One of the central problems of Imran Khan’s government is the quality and commitment of his range of advisers, not only for day-to-day politics but for short and long-term decision-making processes. The PM has been more than once given the perception of taking off-the-cuff decisions through speeches and interviews. Even good advisers do not matter until there is a due process for diligence and analysis to not only sort out fact from fiction but separate emotion from reality.
Recently, Imran Khan said that the army supported the PTI’s manifesto and that the CJP laid the foundation for Naya Pakistan with his Panama Papers case verdict. These are home truths which have now been inadvertently politicised. He followed it up by throwing hints about mid-term elections slightly 100 days after assuming charge, which gives a perception of insecurity. Seeing these and other mismanaged occasions, one is tempted to say that when such advice is proliferating who needs enemies? God, the judiciary and the army saved us from the Sharif family, they will inshallah rid us of Zardari and his cronies sooner than later. Why is Imran hell-bent on resurrecting them politically?
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Some of his advisers are certainly dyed-in-the-wool professionals, but some in his inner circle are lightweights. No head of any government in the world can rule only according to his/her knowledge and experience. Governing is a team work and while a politician may be quite educated and well-informed, he, like most individuals, lacks detailed knowledge in specialised fields. More than specialised knowledge and gut feeling, the main basis for efficient cooperation between politicians and advisers is sincerity of intentions and honesty of both coupled with their trust in each other.
Such a relationship must grow and be nurtured. A mentor or guide is typically part and parcel of the leadership inner circle, having specific skills and knowledge and the ability to impart sound and sane advice. With specialisation and innovation, advisers are now an integral part of businesses, financial institutions, educational institutions, legal firms, insurance houses, governments etc. They are also part of the decision-making processes of various ministries.
Before a PM, the president or others at the highest echelons takes sound decisions, information must be synthesised rapidly and a comprehensive understanding and analysis thereof developed. The leader must therefore have a set of options to act upon. One idea may be to have an informal ‘National Security Council’ (NSC) on the US pattern but tailored for Pakistan with no executive powers. Chosen with great care and diligence, this braintrust’s driving motivation must be the country’s interest first and foremost, and thereafter the interest of their leader, and in that order. An adviser who has only personal motivation or his own interest will bring about disastrous consequences for those governing in any capacity.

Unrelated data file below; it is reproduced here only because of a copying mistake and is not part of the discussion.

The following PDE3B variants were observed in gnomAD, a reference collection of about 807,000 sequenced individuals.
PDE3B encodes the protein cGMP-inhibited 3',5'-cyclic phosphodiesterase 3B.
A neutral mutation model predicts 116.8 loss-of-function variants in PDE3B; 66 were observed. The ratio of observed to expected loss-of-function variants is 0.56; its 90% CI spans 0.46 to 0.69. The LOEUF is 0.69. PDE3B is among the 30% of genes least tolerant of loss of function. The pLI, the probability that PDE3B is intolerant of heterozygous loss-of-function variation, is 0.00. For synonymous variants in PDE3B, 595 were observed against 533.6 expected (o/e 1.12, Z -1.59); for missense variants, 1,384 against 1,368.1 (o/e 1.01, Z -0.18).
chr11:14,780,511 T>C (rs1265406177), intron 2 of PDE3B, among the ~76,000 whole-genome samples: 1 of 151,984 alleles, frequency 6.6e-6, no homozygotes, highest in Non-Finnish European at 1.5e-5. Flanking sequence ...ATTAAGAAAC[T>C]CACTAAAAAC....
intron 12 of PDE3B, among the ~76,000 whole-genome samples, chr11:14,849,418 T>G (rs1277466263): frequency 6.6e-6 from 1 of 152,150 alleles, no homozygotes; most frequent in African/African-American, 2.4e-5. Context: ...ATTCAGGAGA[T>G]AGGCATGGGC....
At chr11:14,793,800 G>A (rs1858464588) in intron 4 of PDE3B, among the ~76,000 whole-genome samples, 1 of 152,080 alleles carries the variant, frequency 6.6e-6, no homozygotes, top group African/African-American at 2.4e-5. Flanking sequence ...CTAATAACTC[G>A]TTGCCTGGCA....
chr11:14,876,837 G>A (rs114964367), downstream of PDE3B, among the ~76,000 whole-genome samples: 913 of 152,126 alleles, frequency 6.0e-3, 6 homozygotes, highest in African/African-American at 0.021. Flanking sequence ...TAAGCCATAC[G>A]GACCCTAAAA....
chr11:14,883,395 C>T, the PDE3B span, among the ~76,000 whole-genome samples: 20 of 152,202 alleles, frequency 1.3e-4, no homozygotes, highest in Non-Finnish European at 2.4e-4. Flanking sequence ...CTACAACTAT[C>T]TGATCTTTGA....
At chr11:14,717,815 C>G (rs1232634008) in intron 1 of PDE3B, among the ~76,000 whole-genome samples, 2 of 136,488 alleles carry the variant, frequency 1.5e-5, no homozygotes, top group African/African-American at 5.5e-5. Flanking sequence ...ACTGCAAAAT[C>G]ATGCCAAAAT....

A glance at the history of advisers—good and bad—is quite fascinating. Some famous advisers who were successful in helping their leaders achieve their aims were: 1) Chanakya was a master strategist and a shrewd politician who helped Chandragupta of the Maurya dynasty run his empire. His treatise ‘Arthashastra’ is considered as the holy grail of Hindu politics and diplomacy, 2) the wisdom of Birbal, the Hindu adviser to Mughal emperor Akbar, was unparalleled. He was known for his wit and innovative solutions to problems, 3) as the prime minister to Wilhelm I of Prussia, and later the German empire, Otto von Bismarck was instrumental in the unification of various German principalities into the German empire and to build its world-renowned bureaucracy and army, 4) Yelü Chucai was a trusted adviser to Genghis Khan who once ruled most of the known world. Chucai convinced the Mongols to tax conquered cities instead of destroying them as per usual practice, arguing that the money and manpower gained from the cities could fund future conquests. A common feature of good advisers was their loyalty to their sovereign. Instead of being “prima donnas” their approach was low-key and behind the scenes.